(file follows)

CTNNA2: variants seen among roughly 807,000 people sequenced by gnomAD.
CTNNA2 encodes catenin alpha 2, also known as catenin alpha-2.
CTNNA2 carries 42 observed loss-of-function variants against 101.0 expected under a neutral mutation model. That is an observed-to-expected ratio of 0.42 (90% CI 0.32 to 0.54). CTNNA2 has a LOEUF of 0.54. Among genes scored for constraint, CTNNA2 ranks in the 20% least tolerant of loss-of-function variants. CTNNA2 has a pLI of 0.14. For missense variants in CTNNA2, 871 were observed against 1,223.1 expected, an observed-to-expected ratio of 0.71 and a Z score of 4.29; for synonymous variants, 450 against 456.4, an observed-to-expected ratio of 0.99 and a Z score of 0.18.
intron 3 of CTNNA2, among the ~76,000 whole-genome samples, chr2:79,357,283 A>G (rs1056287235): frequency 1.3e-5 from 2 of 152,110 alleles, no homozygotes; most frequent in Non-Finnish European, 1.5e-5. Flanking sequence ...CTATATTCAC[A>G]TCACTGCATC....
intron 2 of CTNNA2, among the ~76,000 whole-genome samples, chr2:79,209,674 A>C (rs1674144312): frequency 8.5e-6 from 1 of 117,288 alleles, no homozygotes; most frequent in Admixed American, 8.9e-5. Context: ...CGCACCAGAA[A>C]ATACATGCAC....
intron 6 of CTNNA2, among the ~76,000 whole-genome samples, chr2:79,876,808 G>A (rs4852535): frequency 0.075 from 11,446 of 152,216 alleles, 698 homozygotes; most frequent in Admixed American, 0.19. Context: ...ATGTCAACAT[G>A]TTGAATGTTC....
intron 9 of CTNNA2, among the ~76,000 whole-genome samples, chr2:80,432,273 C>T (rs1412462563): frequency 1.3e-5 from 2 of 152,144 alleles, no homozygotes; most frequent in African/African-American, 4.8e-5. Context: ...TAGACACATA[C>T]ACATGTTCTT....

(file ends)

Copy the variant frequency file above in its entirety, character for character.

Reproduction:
CTNNA2: variants seen among roughly 807,000 people sequenced by gnomAD.
CTNNA2 encodes catenin alpha 2, also known as catenin alpha-2.
CTNNA2 carries 42 observed loss-of-function variants against 101.0 expected under a neutral mutation model. That is an observed-to-expected ratio of 0.42 (90% CI 0.32 to 0.54). CTNNA2 has a LOEUF of 0.54. Among genes scored for constraint, CTNNA2 ranks in the 20% least tolerant of loss-of-function variants. CTNNA2 has a pLI of 0.14. For missense variants in CTNNA2, 871 were observed against 1,223.1 expected, an observed-to-expected ratio of 0.71 and a Z score of 4.29; for synonymous variants, 450 against 456.4, an observed-to-expected ratio of 0.99 and a Z score of 0.18.
intron 3 of CTNNA2, among the ~76,000 whole-genome samples, chr2:79,357,283 A>G (rs1056287235): frequency 1.3e-5 from 2 of 152,110 alleles, no homozygotes; most frequent in Non-Finnish European, 1.5e-5. Flanking sequence ...CTATATTCAC[A>G]TCACTGCATC....
intron 2 of CTNNA2, among the ~76,000 whole-genome samples, chr2:79,209,674 A>C (rs1674144312): frequency 8.5e-6 from 1 of 117,288 alleles, no homozygotes; most frequent in Admixed American, 8.9e-5. Context: ...CGCACCAGAA[A>C]ATACATGCAC....
intron 6 of CTNNA2, among the ~76,000 whole-genome samples, chr2:79,876,808 G>A (rs4852535): frequency 0.075 from 11,446 of 152,216 alleles, 698 homozygotes; most frequent in Admixed American, 0.19. Context: ...ATGTCAACAT[G>A]TTGAATGTTC....
intron 9 of CTNNA2, among the ~76,000 whole-genome samples, chr2:80,432,273 C>T (rs1412462563): frequency 1.3e-5 from 2 of 152,144 alleles, no homozygotes; most frequent in African/African-American, 4.8e-5. Context: ...TAGACACATA[C>T]ACATGTTCTT....